The choice of plants that can lure birds into the garden is quite large. Some, thanks to their lush bushes, can provide shelter for birds in a storm, while others can provide food. Using perennials which are particularly generous with their seeds can change the character of a flower bed and lure more feathered helpers into your garden. Such plants perform their useful function mainly in autumn and winter, allowing birds to eat the useful seeds in the season when food sources are scarce. But also in spring and summer, such plants lure birds in a completely different way - with the abundance of insects, which are usually found in flower beds with useful crops. Herbaceous perennials with chamomile-like or large inflorescences consisting of many small, fragrant flowers have always been considered particularly attractive to a variety of insects that birds can enjoy.
Most crops that can be used as bait for birds belong to the most popular garden perennials. They are attractive and have a lot of virtue stars, whose ability to produce a generous crop of seeds is just a nice bonus to their bright appearance.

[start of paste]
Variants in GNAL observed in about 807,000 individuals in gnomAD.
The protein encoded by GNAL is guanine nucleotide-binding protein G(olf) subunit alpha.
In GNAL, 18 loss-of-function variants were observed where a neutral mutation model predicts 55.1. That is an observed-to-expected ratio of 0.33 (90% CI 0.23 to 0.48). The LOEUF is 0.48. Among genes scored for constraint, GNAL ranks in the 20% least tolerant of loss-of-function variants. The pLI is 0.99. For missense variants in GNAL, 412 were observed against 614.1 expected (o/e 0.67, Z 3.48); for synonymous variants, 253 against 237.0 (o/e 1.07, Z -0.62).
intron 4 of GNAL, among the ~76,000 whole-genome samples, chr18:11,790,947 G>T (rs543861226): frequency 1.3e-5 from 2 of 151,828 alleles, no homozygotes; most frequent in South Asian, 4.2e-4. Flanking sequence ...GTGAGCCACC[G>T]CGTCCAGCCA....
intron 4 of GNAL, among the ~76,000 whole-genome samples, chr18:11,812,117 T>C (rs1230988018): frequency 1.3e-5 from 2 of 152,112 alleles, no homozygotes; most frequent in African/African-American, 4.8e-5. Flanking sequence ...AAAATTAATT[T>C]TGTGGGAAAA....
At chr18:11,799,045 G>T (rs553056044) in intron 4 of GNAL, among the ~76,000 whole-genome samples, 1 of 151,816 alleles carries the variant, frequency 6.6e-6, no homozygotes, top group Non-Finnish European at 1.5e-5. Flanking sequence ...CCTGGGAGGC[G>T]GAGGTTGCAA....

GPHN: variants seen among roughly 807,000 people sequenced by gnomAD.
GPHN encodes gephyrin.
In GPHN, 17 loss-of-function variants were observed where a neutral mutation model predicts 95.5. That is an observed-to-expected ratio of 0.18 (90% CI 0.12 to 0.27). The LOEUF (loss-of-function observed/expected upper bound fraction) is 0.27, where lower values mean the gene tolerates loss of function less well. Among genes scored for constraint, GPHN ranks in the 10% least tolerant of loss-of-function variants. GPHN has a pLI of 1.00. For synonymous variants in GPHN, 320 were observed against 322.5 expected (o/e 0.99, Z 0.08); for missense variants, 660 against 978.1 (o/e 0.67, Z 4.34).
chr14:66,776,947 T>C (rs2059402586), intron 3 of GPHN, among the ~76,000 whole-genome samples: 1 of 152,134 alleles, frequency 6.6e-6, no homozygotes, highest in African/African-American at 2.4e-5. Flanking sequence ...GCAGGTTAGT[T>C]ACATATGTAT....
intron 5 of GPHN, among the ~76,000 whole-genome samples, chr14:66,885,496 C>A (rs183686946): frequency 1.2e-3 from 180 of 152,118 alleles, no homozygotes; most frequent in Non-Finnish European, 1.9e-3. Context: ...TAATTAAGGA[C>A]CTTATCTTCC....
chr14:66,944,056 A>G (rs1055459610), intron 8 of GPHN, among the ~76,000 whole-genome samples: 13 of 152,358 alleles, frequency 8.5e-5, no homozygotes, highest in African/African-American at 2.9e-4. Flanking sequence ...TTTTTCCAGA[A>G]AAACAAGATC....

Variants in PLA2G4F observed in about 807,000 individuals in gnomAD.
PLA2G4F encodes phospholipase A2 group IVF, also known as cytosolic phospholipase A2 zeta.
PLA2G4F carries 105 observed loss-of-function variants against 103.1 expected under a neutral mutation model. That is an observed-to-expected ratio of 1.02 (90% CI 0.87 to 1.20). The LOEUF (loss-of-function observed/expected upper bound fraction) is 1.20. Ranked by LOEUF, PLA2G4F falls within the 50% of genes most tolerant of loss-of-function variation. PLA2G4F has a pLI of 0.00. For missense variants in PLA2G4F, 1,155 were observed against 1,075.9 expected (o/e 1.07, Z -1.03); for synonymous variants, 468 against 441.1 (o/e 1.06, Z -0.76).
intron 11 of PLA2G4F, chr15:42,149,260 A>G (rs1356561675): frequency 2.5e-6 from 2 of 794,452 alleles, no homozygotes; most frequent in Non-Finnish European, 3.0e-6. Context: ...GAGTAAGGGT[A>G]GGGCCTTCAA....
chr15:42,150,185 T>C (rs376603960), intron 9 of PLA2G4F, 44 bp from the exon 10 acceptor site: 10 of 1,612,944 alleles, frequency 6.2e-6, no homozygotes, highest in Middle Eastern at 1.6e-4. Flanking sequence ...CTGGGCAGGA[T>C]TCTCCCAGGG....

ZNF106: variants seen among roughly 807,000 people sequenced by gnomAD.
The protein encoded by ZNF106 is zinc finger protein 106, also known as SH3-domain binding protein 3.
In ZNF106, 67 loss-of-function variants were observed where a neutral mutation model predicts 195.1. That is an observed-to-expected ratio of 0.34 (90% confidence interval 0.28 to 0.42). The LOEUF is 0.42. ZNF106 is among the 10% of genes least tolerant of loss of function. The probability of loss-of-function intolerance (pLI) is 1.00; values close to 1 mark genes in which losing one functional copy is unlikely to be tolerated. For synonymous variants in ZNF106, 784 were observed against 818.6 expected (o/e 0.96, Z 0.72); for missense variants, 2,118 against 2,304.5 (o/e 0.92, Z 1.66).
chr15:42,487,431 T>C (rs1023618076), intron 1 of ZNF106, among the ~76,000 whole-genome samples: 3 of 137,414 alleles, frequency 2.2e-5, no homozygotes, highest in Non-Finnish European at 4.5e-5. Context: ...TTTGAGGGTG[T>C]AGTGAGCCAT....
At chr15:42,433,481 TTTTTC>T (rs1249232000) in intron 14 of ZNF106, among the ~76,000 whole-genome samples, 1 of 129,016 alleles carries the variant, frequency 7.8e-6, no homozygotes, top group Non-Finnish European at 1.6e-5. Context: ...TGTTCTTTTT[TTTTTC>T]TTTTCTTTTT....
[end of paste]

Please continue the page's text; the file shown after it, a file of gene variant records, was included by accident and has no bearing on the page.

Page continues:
From the largest garden perennials, sunflowers are without a doubt the favorites of feathered garden guests. If you want to please birds, you can also use annual decorative sunflowers. But it is better to save yourself the extra work and plant perennial species sunflowers (Helianthus) as baits for birds. Growing up to 2.5 m Helianthus giganteus (Helianthus giganteus), allowing selection of more compact varieties and forms Helianthus decapetalus (Helianthus decapetalus) and other species flower lushly and bear equally lush fruit. No competitor can compete with delicious sunflower seeds and if not to cover them with nets or cloths for seeds' collection, the useful birds will fully appreciate the feast prepared for them.